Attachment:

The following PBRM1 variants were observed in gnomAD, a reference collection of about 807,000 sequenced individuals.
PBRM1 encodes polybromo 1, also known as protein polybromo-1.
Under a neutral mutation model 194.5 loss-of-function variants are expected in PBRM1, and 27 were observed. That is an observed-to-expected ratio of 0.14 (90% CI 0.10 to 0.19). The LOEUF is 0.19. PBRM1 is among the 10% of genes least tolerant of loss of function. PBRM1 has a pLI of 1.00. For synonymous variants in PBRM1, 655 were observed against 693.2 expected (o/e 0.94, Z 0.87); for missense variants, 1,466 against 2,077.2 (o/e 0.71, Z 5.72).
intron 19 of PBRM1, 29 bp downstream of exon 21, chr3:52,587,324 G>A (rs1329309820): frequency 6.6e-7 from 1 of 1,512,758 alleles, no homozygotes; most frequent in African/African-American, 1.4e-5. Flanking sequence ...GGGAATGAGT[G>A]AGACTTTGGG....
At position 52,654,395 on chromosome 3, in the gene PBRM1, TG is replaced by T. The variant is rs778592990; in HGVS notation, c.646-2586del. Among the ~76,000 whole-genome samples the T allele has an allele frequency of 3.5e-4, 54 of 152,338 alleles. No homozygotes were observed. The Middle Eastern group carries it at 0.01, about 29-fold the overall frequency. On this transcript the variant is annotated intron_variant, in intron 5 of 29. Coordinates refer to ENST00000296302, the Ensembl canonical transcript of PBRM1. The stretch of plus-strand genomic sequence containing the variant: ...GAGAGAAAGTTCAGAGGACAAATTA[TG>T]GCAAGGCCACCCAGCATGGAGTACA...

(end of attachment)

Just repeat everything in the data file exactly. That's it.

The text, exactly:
The following PBRM1 variants were observed in gnomAD, a reference collection of about 807,000 sequenced individuals.
PBRM1 encodes polybromo 1, also known as protein polybromo-1.
Under a neutral mutation model 194.5 loss-of-function variants are expected in PBRM1, and 27 were observed. That is an observed-to-expected ratio of 0.14 (90% CI 0.10 to 0.19). The LOEUF is 0.19. PBRM1 is among the 10% of genes least tolerant of loss of function. PBRM1 has a pLI of 1.00. For synonymous variants in PBRM1, 655 were observed against 693.2 expected (o/e 0.94, Z 0.87); for missense variants, 1,466 against 2,077.2 (o/e 0.71, Z 5.72).
intron 19 of PBRM1, 29 bp downstream of exon 21, chr3:52,587,324 G>A (rs1329309820): frequency 6.6e-7 from 1 of 1,512,758 alleles, no homozygotes; most frequent in African/African-American, 1.4e-5. Flanking sequence ...GGGAATGAGT[G>A]AGACTTTGGG....
At position 52,654,395 on chromosome 3, in the gene PBRM1, TG is replaced by T. The variant is rs778592990; in HGVS notation, c.646-2586del. Among the ~76,000 whole-genome samples the T allele has an allele frequency of 3.5e-4, 54 of 152,338 alleles. No homozygotes were observed. The Middle Eastern group carries it at 0.01, about 29-fold the overall frequency. On this transcript the variant is annotated intron_variant, in intron 5 of 29. Coordinates refer to ENST00000296302, the Ensembl canonical transcript of PBRM1. The stretch of plus-strand genomic sequence containing the variant: ...GAGAGAAAGTTCAGAGGACAAATTA[TG>T]GCAAGGCCACCCAGCATGGAGTACA...